The sarcophagus of Wahibre-em-akhet, from Egypt in the seventh or sixth centuries BCE, is a typical Egyptian sarcophagus, not for a king but for a man of wealth and status in Egypt’s Twenty-Sixth Dynasty. The Egyptian iconography is easily recognized: the long beard and braided wig of the portrait; the conventional Egyptian ways of depicting eyes, ears, and other features; the winged protective goddesses; the hieroglyphic text. There is nothing about this sarcophagus to suggest its owner was anything other than a native Egyptian, born and bred, from a people who had lived in the Nile valley since time immemorial. Nothing, that is, until you read the hieroglyphic text and find out that Wahibre-em-akhet’s parents were named Alexicles and Zenodote; both are Greek names.
We know nothing else about Wahibre-em-aket or his parents. We can’t say definitively where they came from, where they grew up, what language or languages they spoke, or how they identified themselves in daily life. It seems very likely, though, that we are looking at someone who was born to Greek parents but lived as an Egyptian.
Wahbire-em-akhet’s family probably had connections to Naukratis, a Greek city founded in Egypt with royal permission. The original settlers of Naukratis were Greek mercenaries who had served the Egyptian pharaohs in their war for freedom from the Assyrian empire. Alexicles may have been one of those mercenaries or the descendant of one. The mercenaries and their descendants continued to serve the kings of Egypt and seem to have gradually assimilated into Egyptian culture. One gang of soldiers left graffiti on the temple of Abu Simbel in upper Egypt while on campaign, including a soldier who identified himself as Psammatichus, son of Teocles, another Egyptian-named son of a man with a Greek name.
Whatever role he played, Wahibre-em-akhet must have done well for himself to afford such a fine sarcophagus. Like many other later-generation immigrant communities, the Greeks in Egypt probably found that assimilating to local customs, names, and languages was useful for getting ahead. They were not the first people to do so. We tend to think of Egypt as isolated, even xenophobic, but Egypt was also a powerful and wealthy kingdom that needed foreign trade connections and could afford to supplement its army with mercenaries from abroad. Greeks, Carians, Jews, Nubians, and Libyans are all well documented as traders and soldiers in Egypt. Many other peoples certainly found their way to the Nile valley as well. As they assimilated into the local culture, adopting Egyptian names and presenting themselves according to Egyptian traditions, these peoples become hard to discern in the archaeological record, but the occasional find like Wahibre-em-akhet’s sarcophagus reminds us that they were still there.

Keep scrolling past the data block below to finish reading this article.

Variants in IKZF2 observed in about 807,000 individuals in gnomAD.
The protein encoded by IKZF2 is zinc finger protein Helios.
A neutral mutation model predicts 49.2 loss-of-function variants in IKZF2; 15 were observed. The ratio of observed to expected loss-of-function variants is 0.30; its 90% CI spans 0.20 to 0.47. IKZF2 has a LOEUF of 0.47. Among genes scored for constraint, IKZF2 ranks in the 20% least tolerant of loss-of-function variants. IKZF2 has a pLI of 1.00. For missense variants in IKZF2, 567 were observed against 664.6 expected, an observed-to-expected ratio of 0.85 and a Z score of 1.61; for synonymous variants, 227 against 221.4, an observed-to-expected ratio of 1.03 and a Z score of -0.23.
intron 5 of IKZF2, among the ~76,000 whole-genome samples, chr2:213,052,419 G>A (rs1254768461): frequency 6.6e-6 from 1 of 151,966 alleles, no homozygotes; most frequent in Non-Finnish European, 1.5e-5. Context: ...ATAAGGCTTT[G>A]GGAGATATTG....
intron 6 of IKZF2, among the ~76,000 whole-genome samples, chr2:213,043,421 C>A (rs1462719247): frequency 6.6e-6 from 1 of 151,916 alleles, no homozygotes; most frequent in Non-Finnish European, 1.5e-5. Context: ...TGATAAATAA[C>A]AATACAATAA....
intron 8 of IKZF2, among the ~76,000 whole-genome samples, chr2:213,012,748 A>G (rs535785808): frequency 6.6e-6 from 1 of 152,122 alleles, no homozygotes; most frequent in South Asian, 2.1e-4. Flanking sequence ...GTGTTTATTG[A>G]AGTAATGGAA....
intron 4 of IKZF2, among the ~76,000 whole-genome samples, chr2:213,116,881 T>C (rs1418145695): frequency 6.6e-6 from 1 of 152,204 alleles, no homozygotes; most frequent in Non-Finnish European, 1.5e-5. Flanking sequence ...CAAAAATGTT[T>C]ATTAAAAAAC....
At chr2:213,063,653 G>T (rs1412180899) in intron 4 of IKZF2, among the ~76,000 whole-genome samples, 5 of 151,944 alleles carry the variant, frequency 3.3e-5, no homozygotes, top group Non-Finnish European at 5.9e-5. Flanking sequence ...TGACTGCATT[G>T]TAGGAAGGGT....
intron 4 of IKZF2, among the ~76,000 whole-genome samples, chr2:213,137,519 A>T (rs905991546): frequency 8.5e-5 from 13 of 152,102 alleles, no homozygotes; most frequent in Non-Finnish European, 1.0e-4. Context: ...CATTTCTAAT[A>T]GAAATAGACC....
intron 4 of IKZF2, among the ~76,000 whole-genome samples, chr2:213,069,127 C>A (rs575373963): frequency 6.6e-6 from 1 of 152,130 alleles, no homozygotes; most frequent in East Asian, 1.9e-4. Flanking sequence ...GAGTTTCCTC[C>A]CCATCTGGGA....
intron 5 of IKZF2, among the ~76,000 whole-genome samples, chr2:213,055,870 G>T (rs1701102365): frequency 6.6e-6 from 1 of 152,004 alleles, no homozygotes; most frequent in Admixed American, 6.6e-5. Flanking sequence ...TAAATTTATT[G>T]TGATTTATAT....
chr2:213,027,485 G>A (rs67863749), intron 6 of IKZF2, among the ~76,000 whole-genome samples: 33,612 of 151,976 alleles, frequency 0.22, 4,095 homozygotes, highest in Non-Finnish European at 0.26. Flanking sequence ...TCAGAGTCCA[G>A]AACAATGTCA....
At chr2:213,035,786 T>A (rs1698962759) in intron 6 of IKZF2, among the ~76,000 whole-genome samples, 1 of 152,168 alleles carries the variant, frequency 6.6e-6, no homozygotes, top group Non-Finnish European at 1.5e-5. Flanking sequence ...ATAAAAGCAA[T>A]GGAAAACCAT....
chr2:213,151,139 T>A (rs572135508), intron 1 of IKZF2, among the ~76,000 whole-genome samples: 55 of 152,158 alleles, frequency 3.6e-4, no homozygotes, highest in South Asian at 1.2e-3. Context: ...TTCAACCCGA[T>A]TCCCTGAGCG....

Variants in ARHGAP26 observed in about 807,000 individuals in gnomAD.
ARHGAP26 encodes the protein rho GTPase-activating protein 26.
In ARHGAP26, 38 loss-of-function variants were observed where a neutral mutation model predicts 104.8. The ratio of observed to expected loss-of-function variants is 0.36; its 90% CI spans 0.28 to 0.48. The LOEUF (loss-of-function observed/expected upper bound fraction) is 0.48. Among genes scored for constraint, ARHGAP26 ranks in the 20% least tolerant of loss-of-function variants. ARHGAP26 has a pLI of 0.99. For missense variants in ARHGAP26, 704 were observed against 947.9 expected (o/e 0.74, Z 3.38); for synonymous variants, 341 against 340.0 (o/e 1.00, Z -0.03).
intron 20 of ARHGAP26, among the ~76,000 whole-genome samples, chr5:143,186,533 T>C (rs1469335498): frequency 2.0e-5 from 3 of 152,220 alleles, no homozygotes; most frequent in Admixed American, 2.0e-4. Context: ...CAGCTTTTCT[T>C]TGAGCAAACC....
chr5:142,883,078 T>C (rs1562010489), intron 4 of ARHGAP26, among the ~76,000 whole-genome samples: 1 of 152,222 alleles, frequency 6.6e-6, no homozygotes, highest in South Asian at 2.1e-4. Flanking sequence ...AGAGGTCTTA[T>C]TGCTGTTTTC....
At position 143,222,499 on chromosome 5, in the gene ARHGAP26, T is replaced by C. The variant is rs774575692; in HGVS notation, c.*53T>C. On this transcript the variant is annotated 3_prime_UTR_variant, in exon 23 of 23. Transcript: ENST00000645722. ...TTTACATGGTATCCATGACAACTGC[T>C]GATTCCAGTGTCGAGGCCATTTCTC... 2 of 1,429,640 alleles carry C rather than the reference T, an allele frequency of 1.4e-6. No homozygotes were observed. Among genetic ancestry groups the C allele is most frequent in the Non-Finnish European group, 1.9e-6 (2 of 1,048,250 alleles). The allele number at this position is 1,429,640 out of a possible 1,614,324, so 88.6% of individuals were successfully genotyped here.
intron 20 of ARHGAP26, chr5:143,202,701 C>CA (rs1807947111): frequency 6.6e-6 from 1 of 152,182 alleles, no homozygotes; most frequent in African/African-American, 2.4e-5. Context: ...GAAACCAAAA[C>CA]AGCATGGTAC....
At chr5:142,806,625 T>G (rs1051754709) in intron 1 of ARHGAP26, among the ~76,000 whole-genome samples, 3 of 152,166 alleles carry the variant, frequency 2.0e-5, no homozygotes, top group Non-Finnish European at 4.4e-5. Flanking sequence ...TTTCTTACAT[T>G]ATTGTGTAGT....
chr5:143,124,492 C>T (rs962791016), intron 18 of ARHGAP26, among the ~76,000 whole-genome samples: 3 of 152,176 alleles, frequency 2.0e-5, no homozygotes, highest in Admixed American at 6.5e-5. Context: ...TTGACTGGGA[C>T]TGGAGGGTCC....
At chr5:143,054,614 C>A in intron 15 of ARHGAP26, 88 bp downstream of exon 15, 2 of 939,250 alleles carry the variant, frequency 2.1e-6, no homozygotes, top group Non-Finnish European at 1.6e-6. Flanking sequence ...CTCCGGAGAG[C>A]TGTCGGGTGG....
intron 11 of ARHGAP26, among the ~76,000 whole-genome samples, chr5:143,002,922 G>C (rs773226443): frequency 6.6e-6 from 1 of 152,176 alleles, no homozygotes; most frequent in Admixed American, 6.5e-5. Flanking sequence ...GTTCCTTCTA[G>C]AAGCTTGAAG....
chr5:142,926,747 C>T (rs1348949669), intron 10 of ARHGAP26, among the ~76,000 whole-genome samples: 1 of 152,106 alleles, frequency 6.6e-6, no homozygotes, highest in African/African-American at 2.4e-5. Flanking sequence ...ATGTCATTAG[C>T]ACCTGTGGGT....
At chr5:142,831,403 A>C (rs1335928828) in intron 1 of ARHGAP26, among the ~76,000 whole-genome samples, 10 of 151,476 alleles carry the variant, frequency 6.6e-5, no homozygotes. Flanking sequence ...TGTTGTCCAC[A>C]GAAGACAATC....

Thoughts for writers
Traditional histories have conditioned us to think of ancient cultures as discrete units: this is Greek, that is Egyptian, that over there is Persian, and the other thing in the corner is Etruscan. It’s useful to be reminded that the lived experience has always been more complicated. Wahbire-em-akhet was, in some ways, both Egyptian and Greek. Most likely his parents were, too. They must have faced many of the same challenges and intersections that immigrant families still face today.
People like Wahbire-em-aket and his parents existed in history. They belong in our stories, too. There is nothing new about multiculturalism.
History for Writers looks at how history can be a fiction writer’s most useful tool. From worldbuilding to dialogue, history helps you write. Check out the introduction to History for Writers here.